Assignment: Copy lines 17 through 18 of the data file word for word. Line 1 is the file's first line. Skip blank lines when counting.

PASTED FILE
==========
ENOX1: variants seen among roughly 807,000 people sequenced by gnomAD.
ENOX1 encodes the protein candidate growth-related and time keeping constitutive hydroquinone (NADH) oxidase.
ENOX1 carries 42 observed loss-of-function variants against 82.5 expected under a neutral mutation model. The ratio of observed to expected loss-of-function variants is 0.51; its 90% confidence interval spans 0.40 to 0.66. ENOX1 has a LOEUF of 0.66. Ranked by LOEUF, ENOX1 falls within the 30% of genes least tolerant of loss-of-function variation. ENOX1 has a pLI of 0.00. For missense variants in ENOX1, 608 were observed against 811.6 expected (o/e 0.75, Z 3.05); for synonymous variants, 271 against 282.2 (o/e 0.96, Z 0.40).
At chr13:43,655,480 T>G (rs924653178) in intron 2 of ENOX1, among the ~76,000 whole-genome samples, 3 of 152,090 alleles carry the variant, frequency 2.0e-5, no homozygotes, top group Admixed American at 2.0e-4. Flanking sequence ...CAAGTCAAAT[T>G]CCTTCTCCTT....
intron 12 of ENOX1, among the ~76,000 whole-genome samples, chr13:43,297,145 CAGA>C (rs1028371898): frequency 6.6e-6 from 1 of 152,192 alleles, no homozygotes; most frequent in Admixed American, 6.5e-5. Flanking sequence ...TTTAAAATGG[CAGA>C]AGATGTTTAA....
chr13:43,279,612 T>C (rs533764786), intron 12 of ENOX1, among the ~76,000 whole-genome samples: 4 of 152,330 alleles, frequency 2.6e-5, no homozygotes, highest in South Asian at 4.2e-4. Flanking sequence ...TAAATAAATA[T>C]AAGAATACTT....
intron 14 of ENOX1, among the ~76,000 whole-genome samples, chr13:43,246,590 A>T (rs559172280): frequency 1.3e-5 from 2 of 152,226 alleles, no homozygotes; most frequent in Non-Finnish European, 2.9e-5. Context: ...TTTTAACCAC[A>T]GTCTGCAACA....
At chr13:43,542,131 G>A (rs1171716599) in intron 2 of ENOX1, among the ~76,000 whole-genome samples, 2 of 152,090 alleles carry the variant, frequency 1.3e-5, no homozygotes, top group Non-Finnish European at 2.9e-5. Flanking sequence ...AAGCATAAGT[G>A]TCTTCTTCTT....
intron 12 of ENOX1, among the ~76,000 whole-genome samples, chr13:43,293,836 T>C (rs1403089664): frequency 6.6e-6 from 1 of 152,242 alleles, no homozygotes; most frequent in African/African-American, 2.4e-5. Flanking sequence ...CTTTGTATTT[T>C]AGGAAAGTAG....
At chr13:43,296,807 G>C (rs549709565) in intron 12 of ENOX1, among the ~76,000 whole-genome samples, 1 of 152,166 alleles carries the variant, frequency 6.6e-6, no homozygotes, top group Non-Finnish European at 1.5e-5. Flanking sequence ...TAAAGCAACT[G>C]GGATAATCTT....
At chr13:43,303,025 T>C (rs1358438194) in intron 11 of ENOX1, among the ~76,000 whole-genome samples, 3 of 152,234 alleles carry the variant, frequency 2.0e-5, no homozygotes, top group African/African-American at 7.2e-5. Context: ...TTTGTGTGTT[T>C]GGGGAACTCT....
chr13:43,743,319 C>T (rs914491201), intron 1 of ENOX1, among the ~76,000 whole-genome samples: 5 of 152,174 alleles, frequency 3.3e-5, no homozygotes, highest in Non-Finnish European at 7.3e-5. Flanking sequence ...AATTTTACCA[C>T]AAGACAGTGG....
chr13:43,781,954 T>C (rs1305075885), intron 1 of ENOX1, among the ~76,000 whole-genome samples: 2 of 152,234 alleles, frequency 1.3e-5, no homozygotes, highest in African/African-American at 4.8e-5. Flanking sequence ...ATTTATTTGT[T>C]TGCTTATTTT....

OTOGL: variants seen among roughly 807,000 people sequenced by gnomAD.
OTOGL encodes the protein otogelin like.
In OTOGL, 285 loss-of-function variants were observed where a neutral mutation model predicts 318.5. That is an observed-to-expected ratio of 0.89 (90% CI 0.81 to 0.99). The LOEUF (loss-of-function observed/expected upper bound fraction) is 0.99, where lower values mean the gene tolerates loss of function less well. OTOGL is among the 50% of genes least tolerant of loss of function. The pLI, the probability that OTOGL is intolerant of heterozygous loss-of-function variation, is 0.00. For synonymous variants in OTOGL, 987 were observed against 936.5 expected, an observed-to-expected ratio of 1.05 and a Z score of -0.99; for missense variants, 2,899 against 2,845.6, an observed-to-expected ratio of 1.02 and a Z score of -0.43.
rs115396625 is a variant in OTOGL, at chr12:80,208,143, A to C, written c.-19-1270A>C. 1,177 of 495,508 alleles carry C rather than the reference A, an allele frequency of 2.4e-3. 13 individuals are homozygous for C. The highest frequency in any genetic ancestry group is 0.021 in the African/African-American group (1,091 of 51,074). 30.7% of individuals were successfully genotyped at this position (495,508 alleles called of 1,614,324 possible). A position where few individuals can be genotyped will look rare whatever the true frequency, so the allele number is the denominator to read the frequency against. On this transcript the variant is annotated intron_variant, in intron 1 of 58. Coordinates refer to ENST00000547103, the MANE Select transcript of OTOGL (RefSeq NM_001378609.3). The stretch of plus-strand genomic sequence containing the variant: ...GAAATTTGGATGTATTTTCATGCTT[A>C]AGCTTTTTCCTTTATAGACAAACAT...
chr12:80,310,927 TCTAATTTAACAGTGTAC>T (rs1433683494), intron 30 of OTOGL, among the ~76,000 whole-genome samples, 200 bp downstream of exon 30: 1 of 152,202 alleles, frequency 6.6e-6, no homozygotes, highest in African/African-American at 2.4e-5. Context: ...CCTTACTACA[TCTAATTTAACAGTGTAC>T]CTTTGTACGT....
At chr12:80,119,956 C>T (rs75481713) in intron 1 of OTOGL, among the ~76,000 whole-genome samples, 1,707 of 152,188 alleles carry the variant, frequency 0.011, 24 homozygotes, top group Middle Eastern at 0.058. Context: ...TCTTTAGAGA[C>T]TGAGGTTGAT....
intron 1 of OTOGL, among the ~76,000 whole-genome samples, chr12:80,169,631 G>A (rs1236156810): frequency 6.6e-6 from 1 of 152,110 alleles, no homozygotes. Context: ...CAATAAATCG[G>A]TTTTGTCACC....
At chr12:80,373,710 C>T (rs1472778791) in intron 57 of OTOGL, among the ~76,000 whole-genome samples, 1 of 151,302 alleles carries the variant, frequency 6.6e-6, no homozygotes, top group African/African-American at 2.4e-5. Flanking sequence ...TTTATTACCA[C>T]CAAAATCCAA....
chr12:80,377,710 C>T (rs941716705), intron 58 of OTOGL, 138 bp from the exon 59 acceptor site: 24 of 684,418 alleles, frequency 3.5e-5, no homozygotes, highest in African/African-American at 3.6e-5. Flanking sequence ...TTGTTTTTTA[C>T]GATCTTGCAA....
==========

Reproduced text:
rs115396625 is a variant in OTOGL, at chr12:80,208,143, A to C, written c.-19-1270A>C. 1,177 of 495,508 alleles carry C rather than the reference A, an allele frequency of 2.4e-3. 13 individuals are homozygous for C. The highest frequency in any genetic ancestry group is 0.021 in the African/African-American group (1,091 of 51,074). 30.7% of individuals were successfully genotyped at this position (495,508 alleles called of 1,614,324 possible). A position where few individuals can be genotyped will look rare whatever the true frequency, so the allele number is the denominator to read the frequency against. On this transcript the variant is annotated intron_variant, in intron 1 of 58. Coordinates refer to ENST00000547103, the MANE Select transcript of OTOGL (RefSeq NM_001378609.3). The stretch of plus-strand genomic sequence containing the variant: ...GAAATTTGGATGTATTTTCATGCTT[A>C]AGCTTTTTCCTTTATAGACAAACAT...
chr12:80,310,927 TCTAATTTAACAGTGTAC>T (rs1433683494), intron 30 of OTOGL, among the ~76,000 whole-genome samples, 200 bp downstream of exon 30: 1 of 152,202 alleles, frequency 6.6e-6, no homozygotes, highest in African/African-American at 2.4e-5. Context: ...CCTTACTACA[TCTAATTTAACAGTGTAC>T]CTTTGTACGT....